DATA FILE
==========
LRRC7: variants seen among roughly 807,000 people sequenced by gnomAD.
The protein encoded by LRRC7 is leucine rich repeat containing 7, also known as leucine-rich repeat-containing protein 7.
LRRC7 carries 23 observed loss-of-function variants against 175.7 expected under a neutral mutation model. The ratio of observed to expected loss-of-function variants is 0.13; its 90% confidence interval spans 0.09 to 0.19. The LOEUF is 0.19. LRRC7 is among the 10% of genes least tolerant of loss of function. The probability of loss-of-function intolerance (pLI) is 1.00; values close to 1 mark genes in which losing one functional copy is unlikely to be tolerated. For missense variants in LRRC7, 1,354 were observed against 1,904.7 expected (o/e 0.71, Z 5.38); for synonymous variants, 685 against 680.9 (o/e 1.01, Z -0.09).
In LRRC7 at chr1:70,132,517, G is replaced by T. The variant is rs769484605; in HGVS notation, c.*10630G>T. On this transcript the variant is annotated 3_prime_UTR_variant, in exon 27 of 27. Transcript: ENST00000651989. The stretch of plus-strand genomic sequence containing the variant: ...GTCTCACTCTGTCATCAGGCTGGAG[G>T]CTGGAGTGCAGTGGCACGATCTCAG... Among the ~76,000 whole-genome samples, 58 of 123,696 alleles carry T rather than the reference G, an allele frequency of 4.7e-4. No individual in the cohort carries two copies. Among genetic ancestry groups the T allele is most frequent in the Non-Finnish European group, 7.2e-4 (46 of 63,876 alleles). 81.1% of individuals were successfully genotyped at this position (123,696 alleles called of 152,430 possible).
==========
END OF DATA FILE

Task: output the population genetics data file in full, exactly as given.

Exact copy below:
LRRC7: variants seen among roughly 807,000 people sequenced by gnomAD.
The protein encoded by LRRC7 is leucine rich repeat containing 7, also known as leucine-rich repeat-containing protein 7.
LRRC7 carries 23 observed loss-of-function variants against 175.7 expected under a neutral mutation model. The ratio of observed to expected loss-of-function variants is 0.13; its 90% confidence interval spans 0.09 to 0.19. The LOEUF is 0.19. LRRC7 is among the 10% of genes least tolerant of loss of function. The probability of loss-of-function intolerance (pLI) is 1.00; values close to 1 mark genes in which losing one functional copy is unlikely to be tolerated. For missense variants in LRRC7, 1,354 were observed against 1,904.7 expected (o/e 0.71, Z 5.38); for synonymous variants, 685 against 680.9 (o/e 1.01, Z -0.09).
In LRRC7 at chr1:70,132,517, G is replaced by T. The variant is rs769484605; in HGVS notation, c.*10630G>T. On this transcript the variant is annotated 3_prime_UTR_variant, in exon 27 of 27. Transcript: ENST00000651989. The stretch of plus-strand genomic sequence containing the variant: ...GTCTCACTCTGTCATCAGGCTGGAG[G>T]CTGGAGTGCAGTGGCACGATCTCAG... Among the ~76,000 whole-genome samples, 58 of 123,696 alleles carry T rather than the reference G, an allele frequency of 4.7e-4. No individual in the cohort carries two copies. Among genetic ancestry groups the T allele is most frequent in the Non-Finnish European group, 7.2e-4 (46 of 63,876 alleles). 81.1% of individuals were successfully genotyped at this position (123,696 alleles called of 152,430 possible).